I had a few trends in my inbox*:

Dreams that become real: 4 (I've had this one all three years I've been a mentor)
Mysterious new boys: 14
Grim reapers/characters working for Death: 5

And the reasons I passed:

Not right for current market: 11
Not right for me (was on my "Not a Best Match" list): 5
Started in the wrong place or too much telling/no conflict in sample pages: 54
Solid submission, but plot wasn't quite my thing: 65
Confusing pitch; stakes not clear and/or no stakes: 18
Reads too young or too old for YA: 4
Liked it, but wasn't my perfect match: 34

(Totaling the numbers above will exceed my submission total as sometimes an entry fit in more than one category. I could still like a sub that started in the wrong place, for instance. It just ultimately didn't work out to be the one I picked.)

And just because:

Highest word count**: 136k
Lowest**: 41k
SCBWI members (yay!): 46
Non-white or QUILTBAG protagonists (also yay!): 25

Takeaways from being in the slush:

  • Your query letter really is all about the story. Whether this is your tenth novel or your first, whether you have a hundred publishing awards or none at all, all that matters is your pitch and your writing. One of my favorite entries was just the pitch and a "thank you for your time" - no personalization, no credentials. So basically: don't stress over these. Your awesome story won't be overlooked if you haven't been published before. DO add personalization when possible - but it won't be the reason you're rejected or asked for sample pages, either. 
    • Reader taste is ridiculously subjective. This is something I knew before, but I went in expecting epic battles over the top picks and that I'd have to defend my choices Zombieland-style. But most everyone's tops were different, and more than one book I passed on in my first cull got snatched up as someone else's first choice.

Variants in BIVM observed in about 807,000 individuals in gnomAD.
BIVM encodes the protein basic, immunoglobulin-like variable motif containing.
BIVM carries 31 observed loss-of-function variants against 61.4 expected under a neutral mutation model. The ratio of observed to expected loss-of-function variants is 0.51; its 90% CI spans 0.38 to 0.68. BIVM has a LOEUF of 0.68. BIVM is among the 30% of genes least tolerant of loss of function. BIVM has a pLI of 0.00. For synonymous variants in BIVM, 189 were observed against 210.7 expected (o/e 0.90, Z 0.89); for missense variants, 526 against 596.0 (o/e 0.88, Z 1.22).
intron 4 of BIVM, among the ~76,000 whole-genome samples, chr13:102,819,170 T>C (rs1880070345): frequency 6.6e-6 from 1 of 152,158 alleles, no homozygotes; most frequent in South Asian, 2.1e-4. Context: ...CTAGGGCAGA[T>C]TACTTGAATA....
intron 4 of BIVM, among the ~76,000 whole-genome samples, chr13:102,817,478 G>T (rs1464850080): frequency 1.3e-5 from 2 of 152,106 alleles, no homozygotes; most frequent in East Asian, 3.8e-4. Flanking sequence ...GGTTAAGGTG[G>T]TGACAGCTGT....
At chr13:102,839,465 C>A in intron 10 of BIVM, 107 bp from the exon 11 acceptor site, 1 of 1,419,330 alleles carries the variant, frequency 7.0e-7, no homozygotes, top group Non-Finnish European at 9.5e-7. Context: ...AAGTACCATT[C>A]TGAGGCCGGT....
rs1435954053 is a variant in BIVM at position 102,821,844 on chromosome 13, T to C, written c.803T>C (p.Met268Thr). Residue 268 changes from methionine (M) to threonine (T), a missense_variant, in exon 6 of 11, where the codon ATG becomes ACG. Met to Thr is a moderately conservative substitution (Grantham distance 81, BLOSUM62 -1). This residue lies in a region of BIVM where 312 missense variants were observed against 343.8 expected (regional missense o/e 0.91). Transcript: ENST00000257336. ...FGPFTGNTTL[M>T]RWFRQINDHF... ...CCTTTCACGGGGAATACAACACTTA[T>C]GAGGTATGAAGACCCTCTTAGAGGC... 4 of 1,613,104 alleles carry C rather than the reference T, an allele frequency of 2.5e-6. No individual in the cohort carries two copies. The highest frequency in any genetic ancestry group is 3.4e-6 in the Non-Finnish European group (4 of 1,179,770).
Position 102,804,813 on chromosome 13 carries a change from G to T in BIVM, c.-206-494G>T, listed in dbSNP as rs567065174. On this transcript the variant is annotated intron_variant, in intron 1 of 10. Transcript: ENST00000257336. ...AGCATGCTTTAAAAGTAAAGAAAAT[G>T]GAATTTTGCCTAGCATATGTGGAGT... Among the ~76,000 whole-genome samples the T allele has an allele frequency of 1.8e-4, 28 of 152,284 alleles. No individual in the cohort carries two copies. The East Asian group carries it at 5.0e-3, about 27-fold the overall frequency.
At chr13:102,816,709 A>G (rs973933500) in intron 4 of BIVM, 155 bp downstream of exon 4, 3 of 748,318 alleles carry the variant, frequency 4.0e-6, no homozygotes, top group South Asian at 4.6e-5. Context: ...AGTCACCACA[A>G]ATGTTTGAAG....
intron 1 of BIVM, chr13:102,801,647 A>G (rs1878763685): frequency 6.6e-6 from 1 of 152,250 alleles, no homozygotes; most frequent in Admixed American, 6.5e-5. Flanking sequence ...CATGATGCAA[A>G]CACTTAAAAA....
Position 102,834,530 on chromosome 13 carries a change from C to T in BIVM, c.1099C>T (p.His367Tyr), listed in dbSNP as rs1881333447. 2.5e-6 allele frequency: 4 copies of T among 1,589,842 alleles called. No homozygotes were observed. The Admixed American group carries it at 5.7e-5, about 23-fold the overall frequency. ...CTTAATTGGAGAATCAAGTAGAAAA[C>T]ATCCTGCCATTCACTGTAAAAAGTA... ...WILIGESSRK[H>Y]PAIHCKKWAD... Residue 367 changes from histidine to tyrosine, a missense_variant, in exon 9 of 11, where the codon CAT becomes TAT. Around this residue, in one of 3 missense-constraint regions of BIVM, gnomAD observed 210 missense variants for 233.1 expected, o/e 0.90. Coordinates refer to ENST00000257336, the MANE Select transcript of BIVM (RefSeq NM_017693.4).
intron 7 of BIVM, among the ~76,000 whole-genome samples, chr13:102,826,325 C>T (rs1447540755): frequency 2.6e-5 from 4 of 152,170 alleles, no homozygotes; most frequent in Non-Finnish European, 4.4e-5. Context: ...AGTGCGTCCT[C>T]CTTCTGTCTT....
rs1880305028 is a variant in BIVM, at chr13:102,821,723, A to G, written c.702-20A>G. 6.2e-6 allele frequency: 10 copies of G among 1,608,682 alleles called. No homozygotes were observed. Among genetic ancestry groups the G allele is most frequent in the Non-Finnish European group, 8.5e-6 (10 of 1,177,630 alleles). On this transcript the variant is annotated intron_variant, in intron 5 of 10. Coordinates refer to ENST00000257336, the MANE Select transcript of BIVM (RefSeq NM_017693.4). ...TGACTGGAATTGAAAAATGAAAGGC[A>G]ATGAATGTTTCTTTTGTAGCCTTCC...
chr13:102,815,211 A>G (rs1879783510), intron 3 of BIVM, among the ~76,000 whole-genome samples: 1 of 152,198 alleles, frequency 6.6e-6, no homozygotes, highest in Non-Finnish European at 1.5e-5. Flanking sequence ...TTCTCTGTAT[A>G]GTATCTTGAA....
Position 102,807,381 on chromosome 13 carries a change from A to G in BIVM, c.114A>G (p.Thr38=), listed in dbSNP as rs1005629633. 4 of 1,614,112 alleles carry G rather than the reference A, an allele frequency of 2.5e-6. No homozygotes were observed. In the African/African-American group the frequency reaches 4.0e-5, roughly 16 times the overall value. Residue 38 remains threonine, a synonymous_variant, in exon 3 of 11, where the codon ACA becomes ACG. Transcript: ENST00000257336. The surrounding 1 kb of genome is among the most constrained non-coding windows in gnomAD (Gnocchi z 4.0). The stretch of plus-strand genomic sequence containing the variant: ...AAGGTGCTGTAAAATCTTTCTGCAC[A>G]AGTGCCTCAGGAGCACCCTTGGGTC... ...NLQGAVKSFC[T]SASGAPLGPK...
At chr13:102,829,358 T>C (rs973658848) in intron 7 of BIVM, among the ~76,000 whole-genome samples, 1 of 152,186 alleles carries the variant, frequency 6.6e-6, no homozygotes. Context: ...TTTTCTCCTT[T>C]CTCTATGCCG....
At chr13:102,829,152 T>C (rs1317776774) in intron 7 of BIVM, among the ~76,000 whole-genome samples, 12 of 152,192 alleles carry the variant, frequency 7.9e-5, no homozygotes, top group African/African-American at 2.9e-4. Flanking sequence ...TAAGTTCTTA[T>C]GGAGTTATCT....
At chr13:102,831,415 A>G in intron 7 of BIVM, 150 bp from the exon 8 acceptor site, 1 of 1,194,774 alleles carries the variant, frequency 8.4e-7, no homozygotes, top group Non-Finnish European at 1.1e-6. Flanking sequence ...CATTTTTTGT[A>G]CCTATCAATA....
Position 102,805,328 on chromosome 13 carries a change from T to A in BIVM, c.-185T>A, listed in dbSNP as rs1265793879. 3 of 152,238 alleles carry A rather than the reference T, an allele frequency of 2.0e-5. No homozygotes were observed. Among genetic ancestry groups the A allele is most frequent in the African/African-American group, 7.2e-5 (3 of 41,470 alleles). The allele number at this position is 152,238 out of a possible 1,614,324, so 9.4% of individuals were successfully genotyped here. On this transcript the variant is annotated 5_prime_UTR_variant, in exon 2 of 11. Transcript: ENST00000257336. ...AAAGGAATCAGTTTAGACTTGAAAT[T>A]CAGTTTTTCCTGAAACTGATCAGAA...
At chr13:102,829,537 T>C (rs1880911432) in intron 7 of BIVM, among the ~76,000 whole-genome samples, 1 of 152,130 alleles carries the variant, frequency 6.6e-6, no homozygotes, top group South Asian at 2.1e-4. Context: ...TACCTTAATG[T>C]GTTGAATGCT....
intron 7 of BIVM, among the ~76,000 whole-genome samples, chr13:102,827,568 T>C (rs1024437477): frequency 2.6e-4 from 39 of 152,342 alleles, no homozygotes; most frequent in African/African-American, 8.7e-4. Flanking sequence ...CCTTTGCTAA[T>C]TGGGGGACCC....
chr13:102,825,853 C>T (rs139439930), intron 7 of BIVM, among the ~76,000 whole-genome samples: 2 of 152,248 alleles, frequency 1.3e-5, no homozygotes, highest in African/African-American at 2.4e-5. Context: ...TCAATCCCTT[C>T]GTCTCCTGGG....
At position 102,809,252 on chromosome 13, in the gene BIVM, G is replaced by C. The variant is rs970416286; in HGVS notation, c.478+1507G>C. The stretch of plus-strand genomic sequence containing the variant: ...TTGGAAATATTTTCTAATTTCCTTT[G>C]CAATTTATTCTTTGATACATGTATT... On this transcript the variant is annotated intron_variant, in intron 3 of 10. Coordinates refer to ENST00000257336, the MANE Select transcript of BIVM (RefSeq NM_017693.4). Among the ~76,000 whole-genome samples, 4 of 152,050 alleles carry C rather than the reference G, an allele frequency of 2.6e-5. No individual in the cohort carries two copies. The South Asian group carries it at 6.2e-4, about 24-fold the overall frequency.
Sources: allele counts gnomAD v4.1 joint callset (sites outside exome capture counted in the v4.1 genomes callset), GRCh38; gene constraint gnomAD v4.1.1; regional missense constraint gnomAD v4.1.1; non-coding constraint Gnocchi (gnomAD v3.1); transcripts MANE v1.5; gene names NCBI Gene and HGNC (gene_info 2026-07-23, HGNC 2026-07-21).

• Great pages can outshine a so-so query, but so-so pages will sink a great query. If you're getting all thumbs-ups on your query, but agents seem to be rejecting after they request pages, take a hard look at your first chapter. I went through this too. Sometimes it's a matter of starting in a different place. Sometimes it's a matter of polishing your manuscript as much as you've polished your query.
    • A lot of you are SO close. Holy cow, y'all brought your A-game this year. I was literally driven to tears by the quality of the stories in my inbox, because I was having to pass on things that were really exceptional and that I'd normally request.

    I'm ready for a month-long nap now, but I can't wait to see all the "I have an agent!" announcements that are sure to follow, whether or not you were chosen for Pitch Wars. Remember, I didn't get picked as a mentee or alternate when I entered.

    Hang in there, writers. More soon ...

    *I still requested pages from entries containing these themes, but you might consider what you could do differently with yours if your request rate isn't high.

    **Word count alone is not a reason to reject unless it is way under or way over the expected averages here. However, it's always a good idea to check your word count against those expected averages before you query, and try your darndest to get inside them.

    Monday, August 17, 2015